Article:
April 14, 2021

Medical cannabis producers call for increased plant limits

Just days after New Mexico Gov. Michelle Lujan Grisham signed a recreational-use cannabis bill into law and less than 90 days before the law goes into effect, some in the existing medical cannabis industry want state officials to immediately increase the amount of cannabis they can grow. 

A group of five New Mexico medical cannabis producers sent a letter with their concerns about the rollout of recreational-use cannabis to the heads of the state’s Regulation and Licensing Department and the state’s Department of Health. The letter from the medical cannabis producers said that even after the law goes into effect, a lack of new promulgated rules could result in increased medical sales, which, the producers argued, could also mean a shortage of medical cannabis for existing patients. 

“Therefore, the undersigned producers request that DOH and RLD raise the plant limitation until the full commercial market can be phased in,” the letter reads.

The group of producers calling for an increase in allowed plants include Ultra Health, which has long called for an increase in medical cannabis production limits or no limits at all, and Sacred Garden, which is currently involved in a legal battle with the state over gross receipts taxes on medical cannabis. The other three producers who signed onto the letter are G&G Genetics, Budding Hope and Kure. 

The Department of Health oversees the current Medical Cannabis Program. Regulation and Licensing will oversee all but the medical cannabis patient registry after the law goes into effect on June 29. 

In their letter, the producers reasoned that after June 29, existing Department of Health rules for purchase limits will be invalid. Currently, the Medical Cannabis Program measures cannabis and cannabis extracts with a unit system. One unit is equal to one gram of smokable cannabis or 200 milligrams of extracted THC. Patients are currently limited to purchasing 230 units in a rolling 90-day period, which equates to about 8 ounces of dried cannabis, commonly referred to as flower. But, the group of producers reasoned, after June 29, there will effectively be no cannabis purchase limits. The new law will limit each cannabis purchase to two ounces of cannabis flower, but there are currently no restrictions on the number of purchases a person could make. 

In the letter, the five producers anticipated a counter argument from the state that the existing rules for medical cannabis will remain effective until Regulation and Licensing promulgate new rules. The newly signed legalization law states that existing medical cannabis companies “shall continue to operate under rules promulgated for the medical cannabis program until the division promulgates rules for medical cannabis activity, except that a qualified patient, a primary caregiver and a reciprocal participant shall not be prohibited from purchasing and obtaining cannabis products pursuant to the medical cannabis program.”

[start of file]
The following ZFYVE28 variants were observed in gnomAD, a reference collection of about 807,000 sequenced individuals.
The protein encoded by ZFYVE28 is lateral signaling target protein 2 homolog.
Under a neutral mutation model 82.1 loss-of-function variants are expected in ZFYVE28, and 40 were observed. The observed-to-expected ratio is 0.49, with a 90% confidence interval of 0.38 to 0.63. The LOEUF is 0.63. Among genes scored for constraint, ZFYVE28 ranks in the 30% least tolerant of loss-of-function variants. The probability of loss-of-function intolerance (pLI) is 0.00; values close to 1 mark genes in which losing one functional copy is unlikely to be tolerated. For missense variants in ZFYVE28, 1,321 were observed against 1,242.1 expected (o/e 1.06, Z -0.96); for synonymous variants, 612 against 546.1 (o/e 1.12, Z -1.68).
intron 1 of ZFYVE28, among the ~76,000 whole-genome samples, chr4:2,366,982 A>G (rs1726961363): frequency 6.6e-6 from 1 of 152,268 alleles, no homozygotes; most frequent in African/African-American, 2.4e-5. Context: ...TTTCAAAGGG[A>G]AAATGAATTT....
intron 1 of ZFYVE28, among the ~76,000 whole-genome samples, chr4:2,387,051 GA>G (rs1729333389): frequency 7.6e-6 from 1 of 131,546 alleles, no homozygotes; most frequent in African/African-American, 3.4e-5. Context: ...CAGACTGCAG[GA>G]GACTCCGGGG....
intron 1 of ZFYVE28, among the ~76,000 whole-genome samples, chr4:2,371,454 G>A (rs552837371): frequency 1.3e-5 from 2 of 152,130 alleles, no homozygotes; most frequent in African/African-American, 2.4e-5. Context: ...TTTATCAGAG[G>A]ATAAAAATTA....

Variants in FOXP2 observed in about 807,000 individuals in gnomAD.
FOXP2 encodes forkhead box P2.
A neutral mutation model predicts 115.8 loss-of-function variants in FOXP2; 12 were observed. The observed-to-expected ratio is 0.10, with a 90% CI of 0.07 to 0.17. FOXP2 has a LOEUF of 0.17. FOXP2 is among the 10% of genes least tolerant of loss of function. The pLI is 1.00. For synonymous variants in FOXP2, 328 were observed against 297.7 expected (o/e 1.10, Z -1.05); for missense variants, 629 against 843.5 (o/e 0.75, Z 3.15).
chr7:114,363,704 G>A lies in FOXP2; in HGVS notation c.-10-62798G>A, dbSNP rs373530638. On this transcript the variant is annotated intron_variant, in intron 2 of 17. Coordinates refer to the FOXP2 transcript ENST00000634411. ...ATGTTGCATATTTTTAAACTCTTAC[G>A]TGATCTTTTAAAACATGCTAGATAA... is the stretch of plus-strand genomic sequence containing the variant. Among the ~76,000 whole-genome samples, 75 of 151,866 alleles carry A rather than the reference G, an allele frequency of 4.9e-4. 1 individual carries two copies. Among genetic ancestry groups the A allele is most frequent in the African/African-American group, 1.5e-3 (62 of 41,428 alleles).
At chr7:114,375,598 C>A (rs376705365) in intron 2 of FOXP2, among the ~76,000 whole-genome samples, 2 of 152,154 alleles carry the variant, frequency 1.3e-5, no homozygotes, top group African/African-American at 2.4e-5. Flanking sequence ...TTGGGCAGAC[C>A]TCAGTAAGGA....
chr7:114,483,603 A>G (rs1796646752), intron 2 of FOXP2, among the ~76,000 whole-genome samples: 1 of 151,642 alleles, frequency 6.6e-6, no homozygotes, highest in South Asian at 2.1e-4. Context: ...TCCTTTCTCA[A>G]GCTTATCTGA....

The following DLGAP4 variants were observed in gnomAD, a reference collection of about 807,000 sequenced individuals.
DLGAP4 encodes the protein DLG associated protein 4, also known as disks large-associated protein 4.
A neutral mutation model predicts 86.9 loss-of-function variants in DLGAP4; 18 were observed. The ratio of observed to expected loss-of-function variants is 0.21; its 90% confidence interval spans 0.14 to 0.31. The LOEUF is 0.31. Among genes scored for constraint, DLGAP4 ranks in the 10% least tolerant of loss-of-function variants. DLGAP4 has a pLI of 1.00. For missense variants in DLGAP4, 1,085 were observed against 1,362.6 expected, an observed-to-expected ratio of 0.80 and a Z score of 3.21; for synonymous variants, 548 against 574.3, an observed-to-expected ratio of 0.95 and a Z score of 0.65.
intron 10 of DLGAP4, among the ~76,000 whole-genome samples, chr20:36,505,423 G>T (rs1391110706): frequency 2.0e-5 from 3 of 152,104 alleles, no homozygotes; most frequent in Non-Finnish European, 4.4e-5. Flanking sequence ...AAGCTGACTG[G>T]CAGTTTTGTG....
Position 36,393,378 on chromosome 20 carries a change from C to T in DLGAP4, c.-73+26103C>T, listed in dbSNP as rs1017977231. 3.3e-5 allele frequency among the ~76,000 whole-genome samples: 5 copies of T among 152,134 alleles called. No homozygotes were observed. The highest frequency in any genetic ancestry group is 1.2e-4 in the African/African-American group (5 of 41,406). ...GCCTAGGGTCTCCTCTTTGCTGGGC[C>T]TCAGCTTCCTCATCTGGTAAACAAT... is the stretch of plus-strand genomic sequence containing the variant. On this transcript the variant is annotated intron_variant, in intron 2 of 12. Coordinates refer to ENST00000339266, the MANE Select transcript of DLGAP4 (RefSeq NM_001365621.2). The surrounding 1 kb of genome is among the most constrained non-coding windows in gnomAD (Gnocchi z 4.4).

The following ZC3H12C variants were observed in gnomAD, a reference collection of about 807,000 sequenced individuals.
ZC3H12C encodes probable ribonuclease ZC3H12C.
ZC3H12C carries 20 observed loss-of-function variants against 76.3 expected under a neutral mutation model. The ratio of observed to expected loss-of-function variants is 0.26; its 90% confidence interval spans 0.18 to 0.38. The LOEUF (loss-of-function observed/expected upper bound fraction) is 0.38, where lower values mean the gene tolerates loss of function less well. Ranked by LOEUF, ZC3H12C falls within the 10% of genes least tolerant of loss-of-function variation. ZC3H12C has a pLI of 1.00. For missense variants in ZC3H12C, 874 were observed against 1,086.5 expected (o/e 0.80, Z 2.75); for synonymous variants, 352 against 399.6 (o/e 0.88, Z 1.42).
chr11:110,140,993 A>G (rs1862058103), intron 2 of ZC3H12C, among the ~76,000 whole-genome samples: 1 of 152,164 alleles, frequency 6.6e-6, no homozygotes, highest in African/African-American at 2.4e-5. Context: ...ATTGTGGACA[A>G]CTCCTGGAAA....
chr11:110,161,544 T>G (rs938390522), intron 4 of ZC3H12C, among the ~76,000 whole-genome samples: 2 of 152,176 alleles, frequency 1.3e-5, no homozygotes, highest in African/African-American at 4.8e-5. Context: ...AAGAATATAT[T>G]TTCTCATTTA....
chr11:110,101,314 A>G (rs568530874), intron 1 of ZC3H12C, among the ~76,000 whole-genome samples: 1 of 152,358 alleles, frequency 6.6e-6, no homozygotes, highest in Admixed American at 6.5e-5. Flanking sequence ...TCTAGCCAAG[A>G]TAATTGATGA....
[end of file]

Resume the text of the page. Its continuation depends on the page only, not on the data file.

But the five producers said that language could be interpreted to specifically prohibit the state from limiting purchase amounts. 

“[I]t plainly states that there shall be no prohibition on qualified patients purchasing and obtaining cannabis products,” the letter reads. “This could very well mean that patients have no purchase limitations whatsoever and that on June 29, 2021, state regulators cannot prohibit patients from purchasing as much cannabis as they wish.”

Further, the letter argues, the new law trumps the existing medical cannabis rules and regulations. 

“Now, DOH may claim that its 230-unit purchase limitation survives the Cannabis Regulation Act. However, Section 70 of the Cannabis Regulation Act plainly states, ‘To the extent any administrative rules are inconsistent with the provisions of this act, such rules are null and void,’” the letter stated. 

The producers also argued that the current rules under the Department of Health are “very inconsistent with the provisions of the Cannabis Regulation Act, because it restricts medical cannabis patients—who by definition suffer from debilitating medical conditions—to a measly 230 grams in a 90 day period, while under the Act any person can purchase two ounces, sixteen grams, and 800 milligrams.”

Representatives with the Department of Health and Regulation and Licensing both told NM Political Report that the respective departments were still reviewing the letter and could not comment on it at the time of publication. 

While recreational cannabis use and possession, as well as home cultivation of up to six mature plants, will be legal after June 29, commercial sales will not start until April 2022.